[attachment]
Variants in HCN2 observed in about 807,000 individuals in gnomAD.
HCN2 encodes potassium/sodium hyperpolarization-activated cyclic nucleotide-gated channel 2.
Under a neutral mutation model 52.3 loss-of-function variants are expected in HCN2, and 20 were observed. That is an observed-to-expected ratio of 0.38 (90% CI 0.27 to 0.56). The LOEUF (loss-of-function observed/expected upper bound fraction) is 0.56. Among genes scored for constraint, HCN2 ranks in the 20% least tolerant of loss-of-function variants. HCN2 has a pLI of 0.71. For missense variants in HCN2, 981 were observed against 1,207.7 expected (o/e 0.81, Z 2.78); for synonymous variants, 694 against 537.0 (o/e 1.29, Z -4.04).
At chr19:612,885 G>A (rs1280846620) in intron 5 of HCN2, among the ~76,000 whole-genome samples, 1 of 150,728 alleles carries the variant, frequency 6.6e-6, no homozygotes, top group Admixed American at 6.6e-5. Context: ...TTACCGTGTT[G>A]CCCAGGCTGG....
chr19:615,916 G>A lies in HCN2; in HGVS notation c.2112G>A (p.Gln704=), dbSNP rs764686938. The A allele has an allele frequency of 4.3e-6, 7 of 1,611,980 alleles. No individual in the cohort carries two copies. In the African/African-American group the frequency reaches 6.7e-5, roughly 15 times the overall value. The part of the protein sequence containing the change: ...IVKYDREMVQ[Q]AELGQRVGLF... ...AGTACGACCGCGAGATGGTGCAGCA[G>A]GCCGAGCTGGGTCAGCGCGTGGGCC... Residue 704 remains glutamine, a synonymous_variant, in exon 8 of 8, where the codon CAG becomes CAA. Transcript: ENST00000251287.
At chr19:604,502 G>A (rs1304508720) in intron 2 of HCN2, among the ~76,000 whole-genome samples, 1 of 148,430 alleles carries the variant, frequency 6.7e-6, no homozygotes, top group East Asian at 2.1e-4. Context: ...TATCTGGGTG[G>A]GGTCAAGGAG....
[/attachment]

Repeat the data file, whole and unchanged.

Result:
Variants in HCN2 observed in about 807,000 individuals in gnomAD.
HCN2 encodes potassium/sodium hyperpolarization-activated cyclic nucleotide-gated channel 2.
Under a neutral mutation model 52.3 loss-of-function variants are expected in HCN2, and 20 were observed. That is an observed-to-expected ratio of 0.38 (90% CI 0.27 to 0.56). The LOEUF (loss-of-function observed/expected upper bound fraction) is 0.56. Among genes scored for constraint, HCN2 ranks in the 20% least tolerant of loss-of-function variants. HCN2 has a pLI of 0.71. For missense variants in HCN2, 981 were observed against 1,207.7 expected (o/e 0.81, Z 2.78); for synonymous variants, 694 against 537.0 (o/e 1.29, Z -4.04).
At chr19:612,885 G>A (rs1280846620) in intron 5 of HCN2, among the ~76,000 whole-genome samples, 1 of 150,728 alleles carries the variant, frequency 6.6e-6, no homozygotes, top group Admixed American at 6.6e-5. Context: ...TTACCGTGTT[G>A]CCCAGGCTGG....
chr19:615,916 G>A lies in HCN2; in HGVS notation c.2112G>A (p.Gln704=), dbSNP rs764686938. The A allele has an allele frequency of 4.3e-6, 7 of 1,611,980 alleles. No individual in the cohort carries two copies. In the African/African-American group the frequency reaches 6.7e-5, roughly 15 times the overall value. The part of the protein sequence containing the change: ...IVKYDREMVQ[Q]AELGQRVGLF... ...AGTACGACCGCGAGATGGTGCAGCA[G>A]GCCGAGCTGGGTCAGCGCGTGGGCC... Residue 704 remains glutamine, a synonymous_variant, in exon 8 of 8, where the codon CAG becomes CAA. Transcript: ENST00000251287.
At chr19:604,502 G>A (rs1304508720) in intron 2 of HCN2, among the ~76,000 whole-genome samples, 1 of 148,430 alleles carries the variant, frequency 6.7e-6, no homozygotes, top group East Asian at 2.1e-4. Context: ...TATCTGGGTG[G>A]GGTCAAGGAG....